REDUCING DEPENDENCY ON THE USD: WHY IS EUROPE SO SLOW?

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Experts: Europe would not benefit from a large-scale removal of the US dollar

Despite all the statements of the Russian officials about an ongoing de-dollarisation, its further extent is under question. Experts have strong doubts that the policy will carry on at a hefty pace. The share of transborder settlements in national currencies is small, as these currencies are volatile and the governments are not prepared to switch to using them. The only alternative is to continue converting export contracts into euros. However, this is not to Europe's benefit on a large scale, as it leads to the strengthening of the European currency and thus affects the cost of export from the EU.

Judging by the latest statements of the Russian officials, the active phase of de-dollarisation is still on. As the Russian leader mentioned recently, one has to think today, “how to protect the [internal] market and prevent the U.S. from using its currency as an instrument of political pressure by diversifying the bank settlements”.

According to Vladimir Putin, 72% of settlements among the countries of the Eurasian Economic Union (EAEU) are made in roubles. “I think that the new reality of the situation must make it to the U.S. ruling circles,” said the Head of Russia. According to Putin, around the world trade settlements in USD are declining. “They used to represent over 50%, they are 45% now,” said the President.

The anti-dollar trend in Russia and around the world does, in fact, continue, experts say. This is evident in particular as the countries keep reducing their reserves in dollars. According to the IMF stats, share of the US dollar in reserves has decreased to the lowest level since 2013: it stands at USD 6.79 trillion or 61.63% of the total reserves. Over the past year alone, the Russian Central Bank has almost halved the share of the dollar in the reserves structure, down to 23.6% as of end of March 2019, compared to 43.7% only a year earlier, while at the same time increasing the share of the yuan, euro and gold.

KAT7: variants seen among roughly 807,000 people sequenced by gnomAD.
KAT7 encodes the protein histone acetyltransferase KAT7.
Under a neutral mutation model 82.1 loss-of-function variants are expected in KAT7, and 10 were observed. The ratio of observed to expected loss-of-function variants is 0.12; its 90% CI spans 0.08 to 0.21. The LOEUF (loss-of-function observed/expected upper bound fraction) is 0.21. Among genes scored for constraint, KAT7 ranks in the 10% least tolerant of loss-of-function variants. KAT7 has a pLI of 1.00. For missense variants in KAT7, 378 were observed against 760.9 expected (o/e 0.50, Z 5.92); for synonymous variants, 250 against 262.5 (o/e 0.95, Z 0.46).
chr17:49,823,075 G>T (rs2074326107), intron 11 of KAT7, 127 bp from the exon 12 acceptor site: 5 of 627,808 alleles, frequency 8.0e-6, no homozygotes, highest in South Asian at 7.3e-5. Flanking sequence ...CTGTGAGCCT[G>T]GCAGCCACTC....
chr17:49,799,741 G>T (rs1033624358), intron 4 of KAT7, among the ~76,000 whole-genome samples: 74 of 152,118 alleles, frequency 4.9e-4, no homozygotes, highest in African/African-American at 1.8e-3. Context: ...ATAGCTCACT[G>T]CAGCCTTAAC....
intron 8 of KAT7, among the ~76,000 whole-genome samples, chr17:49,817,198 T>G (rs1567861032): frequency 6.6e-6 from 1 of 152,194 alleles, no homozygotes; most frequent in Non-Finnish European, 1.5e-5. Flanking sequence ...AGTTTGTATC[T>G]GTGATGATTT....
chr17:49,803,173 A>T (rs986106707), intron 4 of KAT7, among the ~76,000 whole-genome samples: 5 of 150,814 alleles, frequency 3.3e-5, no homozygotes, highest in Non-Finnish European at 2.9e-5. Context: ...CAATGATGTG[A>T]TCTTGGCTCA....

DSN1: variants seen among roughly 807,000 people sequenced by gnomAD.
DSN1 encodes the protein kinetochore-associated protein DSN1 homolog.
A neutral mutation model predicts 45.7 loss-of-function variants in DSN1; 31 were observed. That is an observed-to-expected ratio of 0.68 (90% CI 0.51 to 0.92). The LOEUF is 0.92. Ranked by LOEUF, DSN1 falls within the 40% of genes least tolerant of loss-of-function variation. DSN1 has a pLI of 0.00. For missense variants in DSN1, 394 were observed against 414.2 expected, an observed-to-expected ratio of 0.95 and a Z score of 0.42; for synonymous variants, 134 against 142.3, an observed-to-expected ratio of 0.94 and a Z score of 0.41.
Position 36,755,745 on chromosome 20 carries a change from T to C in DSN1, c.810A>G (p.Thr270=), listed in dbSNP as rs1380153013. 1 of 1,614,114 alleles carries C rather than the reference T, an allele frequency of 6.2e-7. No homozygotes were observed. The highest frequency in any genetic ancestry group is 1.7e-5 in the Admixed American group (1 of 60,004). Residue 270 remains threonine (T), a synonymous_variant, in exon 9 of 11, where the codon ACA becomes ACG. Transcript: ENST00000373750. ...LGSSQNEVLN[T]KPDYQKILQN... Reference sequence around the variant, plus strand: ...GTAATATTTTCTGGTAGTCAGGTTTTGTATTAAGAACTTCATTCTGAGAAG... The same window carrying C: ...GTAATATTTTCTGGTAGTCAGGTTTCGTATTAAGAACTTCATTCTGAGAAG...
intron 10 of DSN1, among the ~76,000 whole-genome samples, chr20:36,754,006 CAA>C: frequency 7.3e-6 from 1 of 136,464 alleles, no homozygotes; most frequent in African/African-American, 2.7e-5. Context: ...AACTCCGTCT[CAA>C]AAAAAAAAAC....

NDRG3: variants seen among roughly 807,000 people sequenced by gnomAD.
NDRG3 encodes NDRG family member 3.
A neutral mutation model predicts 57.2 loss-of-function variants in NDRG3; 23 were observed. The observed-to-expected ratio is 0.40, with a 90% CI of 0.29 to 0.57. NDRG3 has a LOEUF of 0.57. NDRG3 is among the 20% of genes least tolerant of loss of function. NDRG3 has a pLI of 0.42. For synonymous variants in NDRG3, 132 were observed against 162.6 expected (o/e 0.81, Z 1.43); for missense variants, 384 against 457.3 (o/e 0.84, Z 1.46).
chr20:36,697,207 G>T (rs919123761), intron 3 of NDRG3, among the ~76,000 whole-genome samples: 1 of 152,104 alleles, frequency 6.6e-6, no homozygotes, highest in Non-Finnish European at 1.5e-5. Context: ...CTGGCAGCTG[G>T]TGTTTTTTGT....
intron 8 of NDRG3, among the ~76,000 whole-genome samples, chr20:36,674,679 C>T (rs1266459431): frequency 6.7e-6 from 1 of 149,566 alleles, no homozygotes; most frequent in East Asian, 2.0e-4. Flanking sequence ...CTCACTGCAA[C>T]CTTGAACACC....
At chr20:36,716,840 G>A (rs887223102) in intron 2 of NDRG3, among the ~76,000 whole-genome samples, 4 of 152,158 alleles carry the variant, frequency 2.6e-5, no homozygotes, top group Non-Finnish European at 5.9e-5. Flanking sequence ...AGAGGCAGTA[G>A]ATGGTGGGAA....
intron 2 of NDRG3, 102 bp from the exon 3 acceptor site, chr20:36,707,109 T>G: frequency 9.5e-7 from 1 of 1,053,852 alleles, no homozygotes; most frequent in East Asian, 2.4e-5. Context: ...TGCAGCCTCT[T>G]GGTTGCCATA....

Countries reduce the share of the US dollars in business contracts. In particular, this applies to Russia's military contracts and exports in general. Gazprom-Neft and Surgutneftegas O&G giants started hedging against potential risks due to the sanctions policy of the USA and introduced changes to export contracts with a possibility of payment in euros. In May 2018, the European Union switched to euro settlements for the O&G products supplied from Iran.

Some of Russia's settlements with its foreign partners, not just those of EAEU, are executed in local currencies, although so far this represents a small share, the economists say. According to experts, while the scale of rejection of the USD in contract settlements will increase, this will happen slower than previously. At the end of 2018, for instance, the share of settlements in the national currencies of Russia and China was less than 17%. Dollar contracts still account for more than 75% of the turnover. So it is not surprising that the anti-dollar policy in Russia does not work in favour of settlements in national currencies, but rather in euros.

A massive drop of dollar in settlements is not to the benefit for Europe, as this creates risks for the European economy itself. A large-scale transition to settlements in euro is not beneficial for Europe itself, experts say. In other words, should Europe abandon settlements in USD on a large scale and pay for its imports with euros, the European currency would get a certain boost for getting stronger. As a consequence, a powerful euro would cut the revenues of the European exporters, as the goods produced in the euro zone would become more costly and thus, less competitive in the external markets, experts observe.